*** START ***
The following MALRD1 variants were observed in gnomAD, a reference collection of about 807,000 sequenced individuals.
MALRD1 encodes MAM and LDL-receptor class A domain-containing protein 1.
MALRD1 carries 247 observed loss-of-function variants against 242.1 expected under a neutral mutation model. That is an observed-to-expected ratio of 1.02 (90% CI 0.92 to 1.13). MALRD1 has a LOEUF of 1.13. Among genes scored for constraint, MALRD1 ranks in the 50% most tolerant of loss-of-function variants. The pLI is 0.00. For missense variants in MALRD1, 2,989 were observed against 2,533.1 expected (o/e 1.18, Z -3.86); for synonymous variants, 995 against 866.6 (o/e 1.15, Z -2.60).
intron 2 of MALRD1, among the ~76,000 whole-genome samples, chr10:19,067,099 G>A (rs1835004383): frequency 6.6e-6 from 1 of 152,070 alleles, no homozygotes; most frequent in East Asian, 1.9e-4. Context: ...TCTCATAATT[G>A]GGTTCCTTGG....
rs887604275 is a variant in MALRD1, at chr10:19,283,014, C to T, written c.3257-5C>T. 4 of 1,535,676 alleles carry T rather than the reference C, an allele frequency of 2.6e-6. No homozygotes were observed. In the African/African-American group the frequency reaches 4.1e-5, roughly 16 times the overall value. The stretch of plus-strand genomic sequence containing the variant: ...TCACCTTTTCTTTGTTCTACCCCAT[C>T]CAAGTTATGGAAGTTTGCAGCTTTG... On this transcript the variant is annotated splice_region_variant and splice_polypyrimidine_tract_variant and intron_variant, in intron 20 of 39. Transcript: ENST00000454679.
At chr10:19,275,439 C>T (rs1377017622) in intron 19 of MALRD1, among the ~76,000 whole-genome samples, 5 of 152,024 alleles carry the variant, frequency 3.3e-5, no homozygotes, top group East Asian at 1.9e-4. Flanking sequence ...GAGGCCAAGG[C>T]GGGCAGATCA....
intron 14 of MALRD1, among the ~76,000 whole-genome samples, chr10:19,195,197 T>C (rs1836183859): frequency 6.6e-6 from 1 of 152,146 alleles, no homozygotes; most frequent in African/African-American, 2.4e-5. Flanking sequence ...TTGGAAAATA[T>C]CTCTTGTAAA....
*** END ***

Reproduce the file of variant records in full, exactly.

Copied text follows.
The following MALRD1 variants were observed in gnomAD, a reference collection of about 807,000 sequenced individuals.
MALRD1 encodes MAM and LDL-receptor class A domain-containing protein 1.
MALRD1 carries 247 observed loss-of-function variants against 242.1 expected under a neutral mutation model. That is an observed-to-expected ratio of 1.02 (90% CI 0.92 to 1.13). MALRD1 has a LOEUF of 1.13. Among genes scored for constraint, MALRD1 ranks in the 50% most tolerant of loss-of-function variants. The pLI is 0.00. For missense variants in MALRD1, 2,989 were observed against 2,533.1 expected (o/e 1.18, Z -3.86); for synonymous variants, 995 against 866.6 (o/e 1.15, Z -2.60).
intron 2 of MALRD1, among the ~76,000 whole-genome samples, chr10:19,067,099 G>A (rs1835004383): frequency 6.6e-6 from 1 of 152,070 alleles, no homozygotes; most frequent in East Asian, 1.9e-4. Context: ...TCTCATAATT[G>A]GGTTCCTTGG....
rs887604275 is a variant in MALRD1, at chr10:19,283,014, C to T, written c.3257-5C>T. 4 of 1,535,676 alleles carry T rather than the reference C, an allele frequency of 2.6e-6. No homozygotes were observed. In the African/African-American group the frequency reaches 4.1e-5, roughly 16 times the overall value. The stretch of plus-strand genomic sequence containing the variant: ...TCACCTTTTCTTTGTTCTACCCCAT[C>T]CAAGTTATGGAAGTTTGCAGCTTTG... On this transcript the variant is annotated splice_region_variant and splice_polypyrimidine_tract_variant and intron_variant, in intron 20 of 39. Transcript: ENST00000454679.
At chr10:19,275,439 C>T (rs1377017622) in intron 19 of MALRD1, among the ~76,000 whole-genome samples, 5 of 152,024 alleles carry the variant, frequency 3.3e-5, no homozygotes, top group East Asian at 1.9e-4. Flanking sequence ...GAGGCCAAGG[C>T]GGGCAGATCA....
intron 14 of MALRD1, among the ~76,000 whole-genome samples, chr10:19,195,197 T>C (rs1836183859): frequency 6.6e-6 from 1 of 152,146 alleles, no homozygotes; most frequent in African/African-American, 2.4e-5. Flanking sequence ...TTGGAAAATA[T>C]CTCTTGTAAA....